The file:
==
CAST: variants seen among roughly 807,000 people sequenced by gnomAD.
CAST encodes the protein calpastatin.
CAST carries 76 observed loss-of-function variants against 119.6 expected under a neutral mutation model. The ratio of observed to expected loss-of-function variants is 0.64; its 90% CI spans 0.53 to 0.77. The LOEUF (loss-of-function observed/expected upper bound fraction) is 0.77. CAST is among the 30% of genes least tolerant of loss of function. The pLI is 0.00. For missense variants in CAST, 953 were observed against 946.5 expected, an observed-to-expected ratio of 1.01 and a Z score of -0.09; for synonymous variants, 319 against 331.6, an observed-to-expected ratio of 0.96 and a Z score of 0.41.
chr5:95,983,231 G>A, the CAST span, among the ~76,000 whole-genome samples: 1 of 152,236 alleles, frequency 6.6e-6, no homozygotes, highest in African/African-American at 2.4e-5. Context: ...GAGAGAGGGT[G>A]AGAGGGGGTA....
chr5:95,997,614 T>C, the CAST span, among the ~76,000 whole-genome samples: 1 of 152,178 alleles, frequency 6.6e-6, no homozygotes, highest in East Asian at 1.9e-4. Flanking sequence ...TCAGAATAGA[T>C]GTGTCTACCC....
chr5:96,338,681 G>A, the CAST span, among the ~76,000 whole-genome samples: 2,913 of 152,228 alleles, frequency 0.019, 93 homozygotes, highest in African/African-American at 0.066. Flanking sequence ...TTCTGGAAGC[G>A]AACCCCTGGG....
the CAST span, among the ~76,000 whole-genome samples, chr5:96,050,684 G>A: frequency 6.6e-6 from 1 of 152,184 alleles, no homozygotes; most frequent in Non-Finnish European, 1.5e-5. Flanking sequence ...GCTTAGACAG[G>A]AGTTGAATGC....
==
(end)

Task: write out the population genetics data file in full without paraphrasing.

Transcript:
CAST: variants seen among roughly 807,000 people sequenced by gnomAD.
CAST encodes the protein calpastatin.
CAST carries 76 observed loss-of-function variants against 119.6 expected under a neutral mutation model. The ratio of observed to expected loss-of-function variants is 0.64; its 90% CI spans 0.53 to 0.77. The LOEUF (loss-of-function observed/expected upper bound fraction) is 0.77. CAST is among the 30% of genes least tolerant of loss of function. The pLI is 0.00. For missense variants in CAST, 953 were observed against 946.5 expected, an observed-to-expected ratio of 1.01 and a Z score of -0.09; for synonymous variants, 319 against 331.6, an observed-to-expected ratio of 0.96 and a Z score of 0.41.
chr5:95,983,231 G>A, the CAST span, among the ~76,000 whole-genome samples: 1 of 152,236 alleles, frequency 6.6e-6, no homozygotes, highest in African/African-American at 2.4e-5. Context: ...GAGAGAGGGT[G>A]AGAGGGGGTA....
chr5:95,997,614 T>C, the CAST span, among the ~76,000 whole-genome samples: 1 of 152,178 alleles, frequency 6.6e-6, no homozygotes, highest in East Asian at 1.9e-4. Flanking sequence ...TCAGAATAGA[T>C]GTGTCTACCC....
chr5:96,338,681 G>A, the CAST span, among the ~76,000 whole-genome samples: 2,913 of 152,228 alleles, frequency 0.019, 93 homozygotes, highest in African/African-American at 0.066. Flanking sequence ...TTCTGGAAGC[G>A]AACCCCTGGG....
the CAST span, among the ~76,000 whole-genome samples, chr5:96,050,684 G>A: frequency 6.6e-6 from 1 of 152,184 alleles, no homozygotes; most frequent in Non-Finnish European, 1.5e-5. Flanking sequence ...GCTTAGACAG[G>A]AGTTGAATGC....